I will not typically watch and review older movies, but since it’s Memorial Day weekend, I figure it’d be appropriate to review a classic war film. The movie I choose was Battle Hymn, a 1957 war film starring Rock Hudson. I have never heard of it before, but when I flipped the TV channel to TCM, this just started and I was instantly intrigued.
Battle Hymn is based off the 1956 biography of the same name. It tells the “true” story of Colonel Dean Hess. I put true in quotation marks because the movie does makes changes to the real story. Anyhow, here’s the plot. The film takes place in 1950. Dean Hess (played by Rock Hudson) is a minister in a small town. He’s having trouble being a minister because of the guilt he feels from an incident in WWII. Dean was the pilot of a bomber plane and during a raid in Germany, he accidentally dropped a bomb on a German orphanage, killing over 30 orphans.
Feeling so haunted by the incident and going through a personal crisis, he gives up being a minister and reenlists to join the Korean War; this, despite pleas from his wife (played by Martha Hyer) to stay home. The rest of the movie is Hess going to Korea, training new pilots, and helping out child refugees. All while under threat by the communists. His greatest achievement was helping to rescue nearly 400 children from an area that was about to be taken over by communist forces.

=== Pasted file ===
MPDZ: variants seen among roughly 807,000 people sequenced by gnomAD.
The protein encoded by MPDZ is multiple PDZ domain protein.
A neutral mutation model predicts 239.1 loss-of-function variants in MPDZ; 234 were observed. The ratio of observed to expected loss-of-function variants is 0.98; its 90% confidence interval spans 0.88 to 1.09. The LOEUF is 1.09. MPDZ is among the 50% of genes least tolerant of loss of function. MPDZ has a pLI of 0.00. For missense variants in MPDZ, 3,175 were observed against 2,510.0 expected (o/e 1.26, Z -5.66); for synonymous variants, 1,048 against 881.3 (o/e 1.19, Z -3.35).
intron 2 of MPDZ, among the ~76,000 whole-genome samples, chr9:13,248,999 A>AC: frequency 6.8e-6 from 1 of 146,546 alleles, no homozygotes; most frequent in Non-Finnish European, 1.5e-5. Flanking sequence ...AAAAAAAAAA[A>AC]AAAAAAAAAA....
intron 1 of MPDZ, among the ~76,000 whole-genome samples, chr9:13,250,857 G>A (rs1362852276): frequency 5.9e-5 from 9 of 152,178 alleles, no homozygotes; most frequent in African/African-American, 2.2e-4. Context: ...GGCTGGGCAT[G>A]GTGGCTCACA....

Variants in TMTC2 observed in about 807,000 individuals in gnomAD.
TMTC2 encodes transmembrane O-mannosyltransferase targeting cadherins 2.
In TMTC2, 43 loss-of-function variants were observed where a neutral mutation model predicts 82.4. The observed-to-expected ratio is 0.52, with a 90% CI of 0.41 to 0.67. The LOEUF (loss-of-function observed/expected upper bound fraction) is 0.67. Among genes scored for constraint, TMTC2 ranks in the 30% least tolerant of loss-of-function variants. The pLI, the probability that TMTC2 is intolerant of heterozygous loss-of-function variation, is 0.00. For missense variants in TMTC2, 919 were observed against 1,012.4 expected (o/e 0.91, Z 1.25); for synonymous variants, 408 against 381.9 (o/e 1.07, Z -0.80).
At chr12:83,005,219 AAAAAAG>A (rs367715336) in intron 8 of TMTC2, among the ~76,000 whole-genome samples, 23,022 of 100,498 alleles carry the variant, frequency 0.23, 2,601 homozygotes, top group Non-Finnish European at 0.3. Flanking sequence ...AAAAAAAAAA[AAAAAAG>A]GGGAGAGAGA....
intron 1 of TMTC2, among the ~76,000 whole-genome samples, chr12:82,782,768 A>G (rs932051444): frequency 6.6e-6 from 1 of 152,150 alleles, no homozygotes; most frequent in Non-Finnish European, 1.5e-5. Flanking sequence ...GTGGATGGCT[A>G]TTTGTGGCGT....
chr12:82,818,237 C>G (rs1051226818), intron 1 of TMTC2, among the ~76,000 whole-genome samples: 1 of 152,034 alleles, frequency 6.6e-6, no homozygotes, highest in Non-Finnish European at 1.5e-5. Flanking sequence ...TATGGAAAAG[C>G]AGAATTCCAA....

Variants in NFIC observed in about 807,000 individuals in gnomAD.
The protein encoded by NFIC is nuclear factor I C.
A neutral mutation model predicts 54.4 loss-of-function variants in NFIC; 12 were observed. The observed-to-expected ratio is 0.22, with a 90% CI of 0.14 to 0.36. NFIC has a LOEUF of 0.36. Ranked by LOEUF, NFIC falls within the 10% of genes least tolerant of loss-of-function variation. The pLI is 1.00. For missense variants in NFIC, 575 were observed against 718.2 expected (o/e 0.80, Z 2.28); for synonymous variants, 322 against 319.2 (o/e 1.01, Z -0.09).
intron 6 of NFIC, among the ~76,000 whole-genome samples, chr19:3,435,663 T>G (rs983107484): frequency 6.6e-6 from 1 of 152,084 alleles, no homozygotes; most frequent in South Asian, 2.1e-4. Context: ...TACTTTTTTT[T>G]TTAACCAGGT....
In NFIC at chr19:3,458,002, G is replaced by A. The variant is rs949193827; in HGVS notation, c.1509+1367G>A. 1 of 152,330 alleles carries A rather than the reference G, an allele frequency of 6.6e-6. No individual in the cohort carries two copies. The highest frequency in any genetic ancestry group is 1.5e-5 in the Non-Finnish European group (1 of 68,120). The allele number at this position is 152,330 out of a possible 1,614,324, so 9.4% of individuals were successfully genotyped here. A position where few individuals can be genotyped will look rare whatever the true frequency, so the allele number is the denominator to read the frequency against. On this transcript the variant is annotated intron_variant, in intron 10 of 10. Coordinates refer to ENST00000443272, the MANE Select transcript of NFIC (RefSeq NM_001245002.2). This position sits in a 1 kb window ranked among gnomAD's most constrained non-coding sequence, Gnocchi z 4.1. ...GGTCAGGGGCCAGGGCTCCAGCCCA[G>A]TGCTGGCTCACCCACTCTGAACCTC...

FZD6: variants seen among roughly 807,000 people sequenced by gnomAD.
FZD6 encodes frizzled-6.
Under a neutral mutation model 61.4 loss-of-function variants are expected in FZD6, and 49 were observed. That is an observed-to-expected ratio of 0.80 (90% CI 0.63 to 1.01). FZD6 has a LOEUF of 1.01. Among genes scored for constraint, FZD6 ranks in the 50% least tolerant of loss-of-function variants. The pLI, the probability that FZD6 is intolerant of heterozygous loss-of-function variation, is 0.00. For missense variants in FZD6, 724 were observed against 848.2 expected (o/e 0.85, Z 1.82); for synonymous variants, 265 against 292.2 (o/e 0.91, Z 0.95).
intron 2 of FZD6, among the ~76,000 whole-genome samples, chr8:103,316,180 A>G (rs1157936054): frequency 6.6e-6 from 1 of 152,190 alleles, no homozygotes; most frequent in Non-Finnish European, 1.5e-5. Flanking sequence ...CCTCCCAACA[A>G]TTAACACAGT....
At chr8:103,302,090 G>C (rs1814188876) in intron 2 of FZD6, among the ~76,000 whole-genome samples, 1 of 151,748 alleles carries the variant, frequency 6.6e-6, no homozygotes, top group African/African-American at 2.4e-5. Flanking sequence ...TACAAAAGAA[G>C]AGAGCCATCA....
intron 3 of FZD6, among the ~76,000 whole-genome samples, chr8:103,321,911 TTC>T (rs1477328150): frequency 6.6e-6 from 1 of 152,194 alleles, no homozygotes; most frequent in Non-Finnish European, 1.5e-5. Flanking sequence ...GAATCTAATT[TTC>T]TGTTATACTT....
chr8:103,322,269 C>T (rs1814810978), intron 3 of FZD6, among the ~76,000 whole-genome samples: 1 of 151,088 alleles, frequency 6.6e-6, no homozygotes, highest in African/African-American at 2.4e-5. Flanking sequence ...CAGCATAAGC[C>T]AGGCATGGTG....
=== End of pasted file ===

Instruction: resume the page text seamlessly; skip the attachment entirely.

The best thing I can say about Battle Hymn is that it is not your standard war movie. While there are battles, the film is more about the internal conflicts Hess faces. He struggles with his faith and with helping refugees versus winning the war. There are emotional moments in this movie and some suspenseful battle scenes, but for the most part, this is a drama. The special effects are what you’d expect for the time period and Rock Hudson puts in a good, though not outstanding performance.
While this war film is unique in how it focuses more on one man’s internal conflict and children orphaned by the war, it does have some big issues. There were several parts that dragged on for too long and contributed little to the story. The editing could’ve been better. In addition, apart from the main character, the side characters were not interesting. In the end, I would give this a 60% score. Battle Hymn does have issues, but it does tell the story of Colonel Dean Hess fairly well. It certainly is worth watching if you’re interested in learning more about this man’s story. BTW, since this is Memorial Day weekend, I would like to give a big thanks to all veterans who have served and died for this country.